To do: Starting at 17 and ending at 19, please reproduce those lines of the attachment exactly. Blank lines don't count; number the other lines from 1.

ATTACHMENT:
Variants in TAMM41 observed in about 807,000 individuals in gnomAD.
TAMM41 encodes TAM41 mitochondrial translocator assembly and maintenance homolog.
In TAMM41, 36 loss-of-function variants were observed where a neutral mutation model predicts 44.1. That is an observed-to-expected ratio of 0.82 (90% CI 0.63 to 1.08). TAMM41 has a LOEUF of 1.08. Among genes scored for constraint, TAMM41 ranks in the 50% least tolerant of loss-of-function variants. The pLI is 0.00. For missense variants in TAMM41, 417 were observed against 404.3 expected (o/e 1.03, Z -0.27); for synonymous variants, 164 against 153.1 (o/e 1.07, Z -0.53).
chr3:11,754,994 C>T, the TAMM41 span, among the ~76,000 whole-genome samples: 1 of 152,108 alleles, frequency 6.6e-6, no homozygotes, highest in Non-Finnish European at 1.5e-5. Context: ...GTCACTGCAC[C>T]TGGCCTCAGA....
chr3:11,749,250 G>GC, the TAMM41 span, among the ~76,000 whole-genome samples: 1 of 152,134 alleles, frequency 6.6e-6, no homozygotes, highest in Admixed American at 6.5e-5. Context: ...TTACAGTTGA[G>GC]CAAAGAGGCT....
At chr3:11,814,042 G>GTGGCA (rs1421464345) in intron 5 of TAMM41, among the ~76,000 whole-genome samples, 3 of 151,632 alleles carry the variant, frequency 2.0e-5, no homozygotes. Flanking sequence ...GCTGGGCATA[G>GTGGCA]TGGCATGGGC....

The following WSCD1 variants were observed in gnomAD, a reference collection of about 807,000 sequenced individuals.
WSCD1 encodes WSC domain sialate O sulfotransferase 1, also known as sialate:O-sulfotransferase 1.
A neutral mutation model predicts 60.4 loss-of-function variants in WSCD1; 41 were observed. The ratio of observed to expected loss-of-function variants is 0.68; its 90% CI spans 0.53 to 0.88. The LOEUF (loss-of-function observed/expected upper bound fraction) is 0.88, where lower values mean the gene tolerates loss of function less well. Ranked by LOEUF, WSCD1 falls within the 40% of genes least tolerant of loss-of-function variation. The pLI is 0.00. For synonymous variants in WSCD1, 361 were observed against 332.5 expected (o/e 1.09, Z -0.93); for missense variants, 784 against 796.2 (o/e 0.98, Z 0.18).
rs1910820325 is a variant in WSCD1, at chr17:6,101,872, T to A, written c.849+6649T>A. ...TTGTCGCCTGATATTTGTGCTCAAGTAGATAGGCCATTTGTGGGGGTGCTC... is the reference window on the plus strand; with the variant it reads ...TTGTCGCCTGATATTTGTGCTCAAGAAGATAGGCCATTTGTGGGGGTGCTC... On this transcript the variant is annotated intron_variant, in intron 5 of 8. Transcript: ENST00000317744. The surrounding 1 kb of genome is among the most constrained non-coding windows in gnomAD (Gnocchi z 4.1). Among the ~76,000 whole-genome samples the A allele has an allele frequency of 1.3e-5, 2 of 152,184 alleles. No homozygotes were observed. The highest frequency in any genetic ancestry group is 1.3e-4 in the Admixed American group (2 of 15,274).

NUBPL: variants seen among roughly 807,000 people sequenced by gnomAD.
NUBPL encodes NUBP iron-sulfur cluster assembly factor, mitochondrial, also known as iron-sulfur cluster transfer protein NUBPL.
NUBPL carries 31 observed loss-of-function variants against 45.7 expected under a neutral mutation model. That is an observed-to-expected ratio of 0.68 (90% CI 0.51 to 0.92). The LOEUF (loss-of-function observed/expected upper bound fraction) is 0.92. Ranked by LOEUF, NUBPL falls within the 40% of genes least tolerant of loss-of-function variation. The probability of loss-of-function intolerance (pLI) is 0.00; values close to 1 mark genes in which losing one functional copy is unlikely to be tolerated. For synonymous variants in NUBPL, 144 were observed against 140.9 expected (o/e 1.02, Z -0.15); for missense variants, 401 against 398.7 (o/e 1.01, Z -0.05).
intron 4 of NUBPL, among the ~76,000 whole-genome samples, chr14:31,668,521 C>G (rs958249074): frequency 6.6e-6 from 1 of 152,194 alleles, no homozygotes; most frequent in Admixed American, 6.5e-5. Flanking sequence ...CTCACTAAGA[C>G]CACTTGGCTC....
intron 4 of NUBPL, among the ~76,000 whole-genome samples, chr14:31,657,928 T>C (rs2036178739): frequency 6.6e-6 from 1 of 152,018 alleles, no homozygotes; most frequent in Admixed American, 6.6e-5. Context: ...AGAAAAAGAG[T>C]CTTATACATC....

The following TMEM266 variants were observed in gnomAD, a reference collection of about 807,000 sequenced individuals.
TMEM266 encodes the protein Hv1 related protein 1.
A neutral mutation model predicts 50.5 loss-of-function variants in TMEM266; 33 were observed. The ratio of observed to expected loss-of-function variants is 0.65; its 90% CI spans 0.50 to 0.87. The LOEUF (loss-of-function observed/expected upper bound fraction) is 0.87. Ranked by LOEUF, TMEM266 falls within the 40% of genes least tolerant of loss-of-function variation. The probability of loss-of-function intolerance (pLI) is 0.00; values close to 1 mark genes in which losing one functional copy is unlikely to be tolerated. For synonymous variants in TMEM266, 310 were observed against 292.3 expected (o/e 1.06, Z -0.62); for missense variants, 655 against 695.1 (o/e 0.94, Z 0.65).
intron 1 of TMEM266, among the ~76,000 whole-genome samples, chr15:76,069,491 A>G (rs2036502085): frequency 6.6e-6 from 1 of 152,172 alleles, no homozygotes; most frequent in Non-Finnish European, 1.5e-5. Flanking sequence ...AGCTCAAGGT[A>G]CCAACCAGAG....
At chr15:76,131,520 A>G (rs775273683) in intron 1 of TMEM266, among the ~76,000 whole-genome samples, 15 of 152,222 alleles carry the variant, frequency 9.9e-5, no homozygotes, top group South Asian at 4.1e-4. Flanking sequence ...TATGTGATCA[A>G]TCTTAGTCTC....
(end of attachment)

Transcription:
TMEM266 encodes the protein Hv1 related protein 1.
A neutral mutation model predicts 50.5 loss-of-function variants in TMEM266; 33 were observed. The ratio of observed to expected loss-of-function variants is 0.65; its 90% CI spans 0.50 to 0.87. The LOEUF (loss-of-function observed/expected upper bound fraction) is 0.87. Ranked by LOEUF, TMEM266 falls within the 40% of genes least tolerant of loss-of-function variation. The probability of loss-of-function intolerance (pLI) is 0.00; values close to 1 mark genes in which losing one functional copy is unlikely to be tolerated. For synonymous variants in TMEM266, 310 were observed against 292.3 expected (o/e 1.06, Z -0.62); for missense variants, 655 against 695.1 (o/e 0.94, Z 0.65).
intron 1 of TMEM266, among the ~76,000 whole-genome samples, chr15:76,069,491 A>G (rs2036502085): frequency 6.6e-6 from 1 of 152,172 alleles, no homozygotes; most frequent in Non-Finnish European, 1.5e-5. Flanking sequence ...AGCTCAAGGT[A>G]CCAACCAGAG....